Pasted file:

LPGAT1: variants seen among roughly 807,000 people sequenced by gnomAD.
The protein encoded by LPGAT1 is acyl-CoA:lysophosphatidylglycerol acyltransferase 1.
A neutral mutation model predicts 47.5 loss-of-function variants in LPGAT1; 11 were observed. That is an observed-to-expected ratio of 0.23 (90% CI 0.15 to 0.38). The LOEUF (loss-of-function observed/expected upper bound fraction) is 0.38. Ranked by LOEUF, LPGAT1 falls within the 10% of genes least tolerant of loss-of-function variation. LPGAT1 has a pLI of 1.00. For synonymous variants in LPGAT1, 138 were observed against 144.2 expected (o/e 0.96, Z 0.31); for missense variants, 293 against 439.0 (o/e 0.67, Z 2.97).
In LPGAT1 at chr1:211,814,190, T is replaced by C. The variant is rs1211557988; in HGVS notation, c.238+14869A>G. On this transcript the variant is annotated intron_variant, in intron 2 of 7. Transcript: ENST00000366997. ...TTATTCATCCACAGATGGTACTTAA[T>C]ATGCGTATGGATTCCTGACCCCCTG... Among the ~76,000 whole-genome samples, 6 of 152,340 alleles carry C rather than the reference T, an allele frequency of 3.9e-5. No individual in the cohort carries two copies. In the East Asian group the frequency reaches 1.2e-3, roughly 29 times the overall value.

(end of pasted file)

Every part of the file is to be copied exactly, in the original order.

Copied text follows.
LPGAT1: variants seen among roughly 807,000 people sequenced by gnomAD.
The protein encoded by LPGAT1 is acyl-CoA:lysophosphatidylglycerol acyltransferase 1.
A neutral mutation model predicts 47.5 loss-of-function variants in LPGAT1; 11 were observed. That is an observed-to-expected ratio of 0.23 (90% CI 0.15 to 0.38). The LOEUF (loss-of-function observed/expected upper bound fraction) is 0.38. Ranked by LOEUF, LPGAT1 falls within the 10% of genes least tolerant of loss-of-function variation. LPGAT1 has a pLI of 1.00. For synonymous variants in LPGAT1, 138 were observed against 144.2 expected (o/e 0.96, Z 0.31); for missense variants, 293 against 439.0 (o/e 0.67, Z 2.97).
In LPGAT1 at chr1:211,814,190, T is replaced by C. The variant is rs1211557988; in HGVS notation, c.238+14869A>G. On this transcript the variant is annotated intron_variant, in intron 2 of 7. Transcript: ENST00000366997. ...TTATTCATCCACAGATGGTACTTAA[T>C]ATGCGTATGGATTCCTGACCCCCTG... Among the ~76,000 whole-genome samples, 6 of 152,340 alleles carry C rather than the reference T, an allele frequency of 3.9e-5. No individual in the cohort carries two copies. In the East Asian group the frequency reaches 1.2e-3, roughly 29 times the overall value.